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    Chronometer rate (was Re: Endeavour Voyage Recreation)
    From: Steven Wepster
    Date: 2001 Jul 13, 6:31 AM

    > >How were they
    > >measuring 9 seconds a day error in the clock in the South Seas - what would
    > >have been their reference; I suppose averaged from total difference from
    > >Lunar measurements ?
    > I'm posting the answer on-list in case anyone else is puzzled. Here goes-
    > It's really quite simple. Not from on board, though. But having made a
    > landing, set up some sort of instrument to look along a South-North
    > direction. It doesn't need to be aligned at all accurately, though. An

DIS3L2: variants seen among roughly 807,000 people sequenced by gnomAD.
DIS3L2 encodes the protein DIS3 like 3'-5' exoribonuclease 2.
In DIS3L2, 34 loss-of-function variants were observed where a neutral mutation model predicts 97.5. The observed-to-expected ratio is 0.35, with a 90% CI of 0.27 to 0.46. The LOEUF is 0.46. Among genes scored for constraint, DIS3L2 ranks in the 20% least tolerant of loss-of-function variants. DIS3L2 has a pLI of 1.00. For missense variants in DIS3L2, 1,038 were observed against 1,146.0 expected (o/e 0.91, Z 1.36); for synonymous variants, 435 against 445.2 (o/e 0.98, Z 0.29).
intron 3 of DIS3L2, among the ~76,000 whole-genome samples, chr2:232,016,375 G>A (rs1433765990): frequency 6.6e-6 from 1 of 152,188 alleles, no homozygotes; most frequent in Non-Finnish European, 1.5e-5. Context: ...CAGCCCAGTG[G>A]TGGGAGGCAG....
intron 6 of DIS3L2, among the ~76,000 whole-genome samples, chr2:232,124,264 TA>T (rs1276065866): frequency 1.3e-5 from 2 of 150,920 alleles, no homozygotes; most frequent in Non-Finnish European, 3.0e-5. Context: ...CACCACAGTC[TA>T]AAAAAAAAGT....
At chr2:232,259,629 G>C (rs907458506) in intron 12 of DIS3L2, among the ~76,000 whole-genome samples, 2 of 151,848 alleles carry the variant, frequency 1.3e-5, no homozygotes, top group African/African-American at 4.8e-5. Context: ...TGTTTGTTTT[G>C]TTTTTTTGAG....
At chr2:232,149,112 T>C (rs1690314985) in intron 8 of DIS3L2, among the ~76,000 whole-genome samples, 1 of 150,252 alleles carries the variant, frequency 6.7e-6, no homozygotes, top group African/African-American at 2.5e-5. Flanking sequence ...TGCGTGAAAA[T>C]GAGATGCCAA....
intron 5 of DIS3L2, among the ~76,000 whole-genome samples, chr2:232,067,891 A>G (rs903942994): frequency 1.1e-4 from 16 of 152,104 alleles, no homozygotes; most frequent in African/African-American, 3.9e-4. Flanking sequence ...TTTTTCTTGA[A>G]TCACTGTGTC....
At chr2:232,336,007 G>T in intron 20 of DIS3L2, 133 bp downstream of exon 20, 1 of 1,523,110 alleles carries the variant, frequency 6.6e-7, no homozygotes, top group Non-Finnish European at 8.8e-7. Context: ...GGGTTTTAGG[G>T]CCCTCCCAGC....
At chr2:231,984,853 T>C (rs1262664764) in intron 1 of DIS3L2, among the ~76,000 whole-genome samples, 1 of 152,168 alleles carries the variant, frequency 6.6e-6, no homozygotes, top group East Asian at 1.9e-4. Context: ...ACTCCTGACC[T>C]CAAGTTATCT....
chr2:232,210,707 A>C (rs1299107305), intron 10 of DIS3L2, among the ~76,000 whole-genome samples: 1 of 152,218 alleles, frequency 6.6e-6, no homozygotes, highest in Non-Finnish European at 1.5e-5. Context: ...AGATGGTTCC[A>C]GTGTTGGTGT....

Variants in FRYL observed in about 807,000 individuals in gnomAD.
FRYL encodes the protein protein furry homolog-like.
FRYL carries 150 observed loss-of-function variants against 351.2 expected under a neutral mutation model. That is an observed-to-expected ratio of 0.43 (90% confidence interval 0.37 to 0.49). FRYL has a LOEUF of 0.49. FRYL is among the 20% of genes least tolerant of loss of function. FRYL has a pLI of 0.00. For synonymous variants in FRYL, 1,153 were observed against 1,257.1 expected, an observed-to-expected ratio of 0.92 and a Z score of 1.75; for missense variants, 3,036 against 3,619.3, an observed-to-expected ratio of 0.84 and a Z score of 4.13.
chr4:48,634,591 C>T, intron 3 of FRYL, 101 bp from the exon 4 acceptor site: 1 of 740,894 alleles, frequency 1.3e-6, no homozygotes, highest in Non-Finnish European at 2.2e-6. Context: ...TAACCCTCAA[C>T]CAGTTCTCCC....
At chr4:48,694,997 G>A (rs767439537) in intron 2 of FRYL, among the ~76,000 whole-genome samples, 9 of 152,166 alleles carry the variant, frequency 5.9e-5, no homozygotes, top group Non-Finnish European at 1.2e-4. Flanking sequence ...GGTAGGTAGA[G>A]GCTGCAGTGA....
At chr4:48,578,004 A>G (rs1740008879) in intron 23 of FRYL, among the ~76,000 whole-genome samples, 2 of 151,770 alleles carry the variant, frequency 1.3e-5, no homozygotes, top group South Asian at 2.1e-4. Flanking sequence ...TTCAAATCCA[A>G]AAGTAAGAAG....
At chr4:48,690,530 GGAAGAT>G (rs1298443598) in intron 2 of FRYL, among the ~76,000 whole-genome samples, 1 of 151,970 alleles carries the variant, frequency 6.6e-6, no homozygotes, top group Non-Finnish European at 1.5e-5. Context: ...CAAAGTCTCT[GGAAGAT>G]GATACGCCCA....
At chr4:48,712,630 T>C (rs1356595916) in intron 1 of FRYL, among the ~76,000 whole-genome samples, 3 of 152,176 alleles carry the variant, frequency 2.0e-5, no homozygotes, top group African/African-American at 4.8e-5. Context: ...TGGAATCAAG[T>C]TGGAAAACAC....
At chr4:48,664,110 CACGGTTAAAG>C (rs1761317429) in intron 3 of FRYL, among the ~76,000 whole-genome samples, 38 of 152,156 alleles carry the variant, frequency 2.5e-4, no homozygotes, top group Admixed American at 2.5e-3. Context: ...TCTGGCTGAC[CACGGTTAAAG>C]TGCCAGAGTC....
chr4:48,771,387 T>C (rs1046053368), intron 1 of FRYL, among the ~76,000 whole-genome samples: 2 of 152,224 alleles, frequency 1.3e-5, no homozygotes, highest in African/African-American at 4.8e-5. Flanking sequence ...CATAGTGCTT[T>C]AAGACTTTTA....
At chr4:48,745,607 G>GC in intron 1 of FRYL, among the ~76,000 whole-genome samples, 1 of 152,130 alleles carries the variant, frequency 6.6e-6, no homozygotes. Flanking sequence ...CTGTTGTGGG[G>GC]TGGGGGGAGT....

> astronomical quadrant or a pillar sextant would do the job. Set its
    > altitude to that of some bright star and wait for the moment when that star
    > passes the cross-wires, recording the time reading on the clock you want to
    > calibrate. Leave the instrument undisturbed and record the next crossing in
    > the same way, one sidereal day later, 23 hours 56 minutes 4.1 seconds. If
    > the time interval measured by the clock differs from that amount, that's
    > the daily error in the clock.
    Dear George,
    That is indeed a simple way to check the chronometer rate (as long as
    nobody kicks yourinstrument..). Was this indeed the method used in the

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